Random other thing I'll mention is an email exchange from a mailing list back in the late 90s that focused on APL style languages. Someone told their story about how back during Cray's glory days they worked in a lab where he did interactive APL programming on a Cray machine. I can only imagine what that must have felt like at the time, typing arcane terse syntax into a prompt that would execute them shockingly fast.


Thanks for sharing. I worked on the UIUC campus for some time right by the greenhouses where they experimented with cultivars of corn and other grasses, always funny to see giant 8 foot tall plants lit with sodium lamps through the winter.

As for APL, I haven't really got past an orientation in the language but it's held a total mystique to me since seeing this video circa 1975 [0] walking through the language with a Selectric teletype acting as a REPL, totally flipped my understanding of computer history, I assumed it was all punchcard programming back in the old black and white days xD (I am born 1990 for reference, trying to catch up with what happened before me)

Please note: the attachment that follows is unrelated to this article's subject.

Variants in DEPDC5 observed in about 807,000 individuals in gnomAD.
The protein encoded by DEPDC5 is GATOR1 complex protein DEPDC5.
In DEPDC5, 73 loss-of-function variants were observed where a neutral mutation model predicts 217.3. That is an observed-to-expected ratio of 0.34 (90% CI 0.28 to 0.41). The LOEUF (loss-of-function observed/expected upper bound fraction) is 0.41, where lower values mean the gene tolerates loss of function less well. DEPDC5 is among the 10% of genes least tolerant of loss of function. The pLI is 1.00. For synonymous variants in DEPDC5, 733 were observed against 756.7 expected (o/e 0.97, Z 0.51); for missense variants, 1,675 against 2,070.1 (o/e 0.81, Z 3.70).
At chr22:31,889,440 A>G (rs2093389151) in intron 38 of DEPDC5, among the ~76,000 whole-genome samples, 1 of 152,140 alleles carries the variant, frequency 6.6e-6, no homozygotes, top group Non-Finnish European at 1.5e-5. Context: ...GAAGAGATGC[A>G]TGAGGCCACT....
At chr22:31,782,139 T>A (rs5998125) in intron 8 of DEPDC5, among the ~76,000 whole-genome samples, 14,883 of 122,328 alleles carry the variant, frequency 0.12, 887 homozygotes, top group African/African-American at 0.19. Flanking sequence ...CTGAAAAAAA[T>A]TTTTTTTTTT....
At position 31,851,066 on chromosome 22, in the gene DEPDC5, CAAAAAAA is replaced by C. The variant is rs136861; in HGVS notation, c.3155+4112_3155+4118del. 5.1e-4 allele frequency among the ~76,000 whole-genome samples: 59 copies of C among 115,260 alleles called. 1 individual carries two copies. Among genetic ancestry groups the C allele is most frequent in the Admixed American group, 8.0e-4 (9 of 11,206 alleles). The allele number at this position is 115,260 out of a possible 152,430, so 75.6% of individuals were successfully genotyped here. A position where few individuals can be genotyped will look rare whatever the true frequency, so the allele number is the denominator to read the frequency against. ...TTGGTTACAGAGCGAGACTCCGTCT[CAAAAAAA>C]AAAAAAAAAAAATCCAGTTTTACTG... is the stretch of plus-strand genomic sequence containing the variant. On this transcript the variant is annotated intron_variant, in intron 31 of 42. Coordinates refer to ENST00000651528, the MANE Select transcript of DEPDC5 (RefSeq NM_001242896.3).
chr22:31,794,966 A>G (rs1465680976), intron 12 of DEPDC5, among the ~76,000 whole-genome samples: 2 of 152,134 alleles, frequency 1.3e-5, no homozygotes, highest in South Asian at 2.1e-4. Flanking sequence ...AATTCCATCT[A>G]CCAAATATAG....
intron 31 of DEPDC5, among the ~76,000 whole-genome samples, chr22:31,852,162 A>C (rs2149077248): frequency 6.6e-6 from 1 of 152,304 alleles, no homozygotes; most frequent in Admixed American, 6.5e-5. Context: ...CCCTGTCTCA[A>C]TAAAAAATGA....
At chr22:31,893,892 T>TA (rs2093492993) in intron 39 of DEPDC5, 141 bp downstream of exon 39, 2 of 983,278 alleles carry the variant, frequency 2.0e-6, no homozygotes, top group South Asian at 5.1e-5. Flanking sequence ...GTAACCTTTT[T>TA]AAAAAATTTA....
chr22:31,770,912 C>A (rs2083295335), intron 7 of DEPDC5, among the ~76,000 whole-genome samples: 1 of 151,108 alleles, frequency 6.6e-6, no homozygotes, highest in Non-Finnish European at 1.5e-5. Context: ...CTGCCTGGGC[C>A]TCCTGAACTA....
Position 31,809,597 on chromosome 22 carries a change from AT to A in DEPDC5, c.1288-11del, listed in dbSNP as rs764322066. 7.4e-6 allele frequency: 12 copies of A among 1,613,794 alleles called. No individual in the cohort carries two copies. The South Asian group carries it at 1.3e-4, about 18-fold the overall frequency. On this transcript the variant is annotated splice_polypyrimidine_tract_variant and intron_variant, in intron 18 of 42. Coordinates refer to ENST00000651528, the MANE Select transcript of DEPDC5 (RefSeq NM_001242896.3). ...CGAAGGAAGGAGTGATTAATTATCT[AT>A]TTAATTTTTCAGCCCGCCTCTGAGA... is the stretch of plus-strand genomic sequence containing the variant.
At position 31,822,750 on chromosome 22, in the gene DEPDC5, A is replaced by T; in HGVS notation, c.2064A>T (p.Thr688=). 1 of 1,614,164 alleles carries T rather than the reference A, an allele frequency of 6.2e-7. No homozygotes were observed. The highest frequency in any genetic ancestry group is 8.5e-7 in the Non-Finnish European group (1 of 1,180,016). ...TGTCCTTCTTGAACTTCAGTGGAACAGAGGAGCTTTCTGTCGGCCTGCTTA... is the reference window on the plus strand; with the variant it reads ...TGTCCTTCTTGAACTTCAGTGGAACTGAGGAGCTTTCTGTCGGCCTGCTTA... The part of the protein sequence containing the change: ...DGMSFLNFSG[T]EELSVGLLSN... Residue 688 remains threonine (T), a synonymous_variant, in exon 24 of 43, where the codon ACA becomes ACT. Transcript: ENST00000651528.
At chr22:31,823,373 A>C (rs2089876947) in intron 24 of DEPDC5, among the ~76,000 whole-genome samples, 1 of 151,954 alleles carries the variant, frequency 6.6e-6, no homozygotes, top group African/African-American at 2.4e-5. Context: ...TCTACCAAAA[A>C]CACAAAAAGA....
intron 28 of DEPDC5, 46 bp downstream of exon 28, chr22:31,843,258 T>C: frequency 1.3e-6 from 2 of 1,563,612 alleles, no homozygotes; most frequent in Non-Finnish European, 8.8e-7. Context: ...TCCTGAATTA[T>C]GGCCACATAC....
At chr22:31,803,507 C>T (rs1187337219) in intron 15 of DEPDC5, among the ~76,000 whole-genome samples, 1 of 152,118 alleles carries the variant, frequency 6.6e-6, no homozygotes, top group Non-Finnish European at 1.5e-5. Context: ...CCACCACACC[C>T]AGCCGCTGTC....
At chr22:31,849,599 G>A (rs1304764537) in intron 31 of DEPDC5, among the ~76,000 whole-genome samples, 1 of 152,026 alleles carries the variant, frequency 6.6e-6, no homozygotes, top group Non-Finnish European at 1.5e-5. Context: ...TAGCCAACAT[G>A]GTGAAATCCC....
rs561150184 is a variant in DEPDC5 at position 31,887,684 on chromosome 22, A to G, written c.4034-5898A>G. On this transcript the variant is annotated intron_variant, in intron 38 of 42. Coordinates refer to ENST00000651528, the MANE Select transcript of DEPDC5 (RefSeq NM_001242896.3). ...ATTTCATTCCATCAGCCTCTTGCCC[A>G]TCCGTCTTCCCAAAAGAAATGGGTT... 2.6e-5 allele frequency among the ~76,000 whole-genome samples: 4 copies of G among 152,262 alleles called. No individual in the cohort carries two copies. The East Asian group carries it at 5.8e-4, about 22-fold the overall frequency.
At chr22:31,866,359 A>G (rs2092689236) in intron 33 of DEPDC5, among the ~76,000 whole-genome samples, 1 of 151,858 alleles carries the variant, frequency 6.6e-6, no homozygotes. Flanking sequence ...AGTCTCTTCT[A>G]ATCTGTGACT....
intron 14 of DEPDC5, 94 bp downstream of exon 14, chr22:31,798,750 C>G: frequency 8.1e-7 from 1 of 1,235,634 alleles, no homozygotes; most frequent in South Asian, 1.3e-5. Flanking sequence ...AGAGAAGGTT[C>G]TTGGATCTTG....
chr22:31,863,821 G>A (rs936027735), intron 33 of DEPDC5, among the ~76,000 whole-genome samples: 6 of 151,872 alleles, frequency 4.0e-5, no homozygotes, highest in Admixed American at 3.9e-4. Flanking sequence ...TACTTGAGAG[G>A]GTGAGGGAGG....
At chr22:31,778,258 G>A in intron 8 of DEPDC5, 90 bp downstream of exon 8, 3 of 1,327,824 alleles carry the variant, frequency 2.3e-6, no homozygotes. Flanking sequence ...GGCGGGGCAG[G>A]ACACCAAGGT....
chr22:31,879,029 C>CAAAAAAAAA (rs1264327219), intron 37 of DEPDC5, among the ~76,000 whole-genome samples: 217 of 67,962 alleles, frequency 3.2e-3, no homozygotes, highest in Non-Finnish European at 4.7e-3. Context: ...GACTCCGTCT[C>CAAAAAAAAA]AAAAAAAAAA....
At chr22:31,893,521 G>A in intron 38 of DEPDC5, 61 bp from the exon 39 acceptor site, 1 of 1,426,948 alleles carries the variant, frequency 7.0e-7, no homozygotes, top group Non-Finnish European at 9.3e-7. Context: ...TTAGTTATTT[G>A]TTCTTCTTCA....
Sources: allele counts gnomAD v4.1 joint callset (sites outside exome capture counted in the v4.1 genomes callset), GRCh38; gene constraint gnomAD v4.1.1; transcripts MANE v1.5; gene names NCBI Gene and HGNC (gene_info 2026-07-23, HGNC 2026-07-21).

[0] (30min) https://www.youtube.com/watch?v=_DTpQ4Kk2wA


Re APL I totally know what you mean. I've never done anything with that category of language that wasn't just golfing / goofing around, but conceptually it's made an impression. Once the big picture concept clicks you look at the way we write most code and see so much bookkeeping that's just managing names and values of iterators and indexes. Lifting that up to bulk transformation of multidimensional objects is powerful, and much closer to the intuitive picture of what's going on I have in my imagination.